5 Tips For Hosting The Best Kid-Friendly New Year’s Eve Party

NEW YEARS EVEJust because you have kids doesn't mean you can't ring in the New Year with style and fun. While the post-children parties may be different from the pre-children parties of years past, getting together with friends and celebrating the end of one year and the start of the next can still be loads of  fun.

When planning a kid-friendly New Year's Eve party, keep these tips in mind.

1. Get the kids involved.

Have the kids get in on the planning and preparation. Making invitations and decorations, helping to prepare simple foods, selecting paper goods and music and helping to plan activities for the kids to do during the party are all ways the kids can get involved. When the kids feel like the party is theirs too, they are vested in making it a success, which includes being a good host with appropriate behaviour.

2. Set the stage.

Kids tend to be most fussy in the evening. They are often tired from the day's events and will be expecting their typical bedtime routine to kick in, just as your party kicks into high gear. Childproof your home as much as possible, block off areas you don't want occupied and remove anything you don't want broken. Put out things that the kids can play with and have an area where it's safe for them to hang out. When you do you'll avoid having to constantly tell them something or somewhere is off limits, which can throw an overtired child into a frenzy.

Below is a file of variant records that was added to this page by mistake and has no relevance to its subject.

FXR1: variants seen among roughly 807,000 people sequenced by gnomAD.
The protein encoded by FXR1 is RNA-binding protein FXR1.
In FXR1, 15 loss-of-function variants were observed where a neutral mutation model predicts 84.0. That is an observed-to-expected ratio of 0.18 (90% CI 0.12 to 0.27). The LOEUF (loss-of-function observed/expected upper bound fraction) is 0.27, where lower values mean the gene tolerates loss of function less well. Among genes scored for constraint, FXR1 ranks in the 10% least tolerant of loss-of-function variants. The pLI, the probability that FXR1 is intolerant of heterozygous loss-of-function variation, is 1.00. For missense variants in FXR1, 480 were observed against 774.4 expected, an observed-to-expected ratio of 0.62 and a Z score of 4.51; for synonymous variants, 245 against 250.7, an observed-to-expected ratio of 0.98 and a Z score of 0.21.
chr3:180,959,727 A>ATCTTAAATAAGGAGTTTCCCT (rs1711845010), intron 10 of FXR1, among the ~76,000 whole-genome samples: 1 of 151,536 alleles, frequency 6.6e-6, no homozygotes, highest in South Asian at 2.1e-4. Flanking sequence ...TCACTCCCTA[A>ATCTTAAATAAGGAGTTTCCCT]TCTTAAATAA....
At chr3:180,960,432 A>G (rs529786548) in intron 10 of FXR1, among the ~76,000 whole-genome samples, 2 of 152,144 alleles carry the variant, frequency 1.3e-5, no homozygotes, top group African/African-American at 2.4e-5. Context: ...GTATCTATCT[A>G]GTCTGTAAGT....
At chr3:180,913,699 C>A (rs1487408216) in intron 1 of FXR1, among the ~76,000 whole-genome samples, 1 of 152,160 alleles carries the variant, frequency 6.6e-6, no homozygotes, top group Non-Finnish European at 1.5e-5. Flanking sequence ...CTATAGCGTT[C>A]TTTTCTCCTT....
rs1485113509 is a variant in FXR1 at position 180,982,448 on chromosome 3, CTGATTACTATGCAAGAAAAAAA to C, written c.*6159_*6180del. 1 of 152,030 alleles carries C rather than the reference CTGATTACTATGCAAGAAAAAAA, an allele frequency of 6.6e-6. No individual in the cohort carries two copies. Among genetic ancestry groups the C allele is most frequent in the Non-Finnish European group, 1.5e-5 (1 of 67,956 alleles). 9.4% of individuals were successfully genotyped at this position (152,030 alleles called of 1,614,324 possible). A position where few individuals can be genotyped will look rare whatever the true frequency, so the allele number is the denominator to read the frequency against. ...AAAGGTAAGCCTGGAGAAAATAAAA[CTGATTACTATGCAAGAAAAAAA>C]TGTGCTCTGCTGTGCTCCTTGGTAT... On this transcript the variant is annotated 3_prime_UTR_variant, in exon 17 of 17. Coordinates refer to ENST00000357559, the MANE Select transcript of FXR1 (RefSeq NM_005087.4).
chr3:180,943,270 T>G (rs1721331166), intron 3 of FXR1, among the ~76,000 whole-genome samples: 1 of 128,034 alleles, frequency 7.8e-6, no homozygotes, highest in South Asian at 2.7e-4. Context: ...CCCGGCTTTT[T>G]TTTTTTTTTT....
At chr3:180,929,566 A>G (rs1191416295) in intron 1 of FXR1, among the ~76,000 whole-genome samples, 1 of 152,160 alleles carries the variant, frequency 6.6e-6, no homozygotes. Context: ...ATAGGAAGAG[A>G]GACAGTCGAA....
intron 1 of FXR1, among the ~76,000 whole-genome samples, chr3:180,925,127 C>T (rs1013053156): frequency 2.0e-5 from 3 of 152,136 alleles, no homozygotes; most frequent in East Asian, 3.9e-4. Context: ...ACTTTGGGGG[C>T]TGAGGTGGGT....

3. Have things to do.

Plan a few activities, like making a New Year's ball from a Styrofoam ball, glue and pompoms or sequins (or push pins and beads for older children), making New Year's hats, watching a movie, playing games or decorating cookies. Having a few planned activities can prevent party chaos.

4. Serve popular kids foods.

In addition to the adult spread, be sure to have macaroni and cheese, fruit salad and other foods you know the kids will eat. Hungry kids can quickly become fussy kids.

5. End with your own ball drop.

Even if you tell your kids they can stay up until the ball drops, they likely won't make it. When you sense the kids are going to crash, gather them together and have your own ball drop. Have them count down as you lower a ball from high above your head to the ground. If you will be serving alcohol, consider having a sleep-over party. Arrange for parents to bring sleeping bags for the kids and have a campout in a spare room after the clock strikes 12:01, kids time.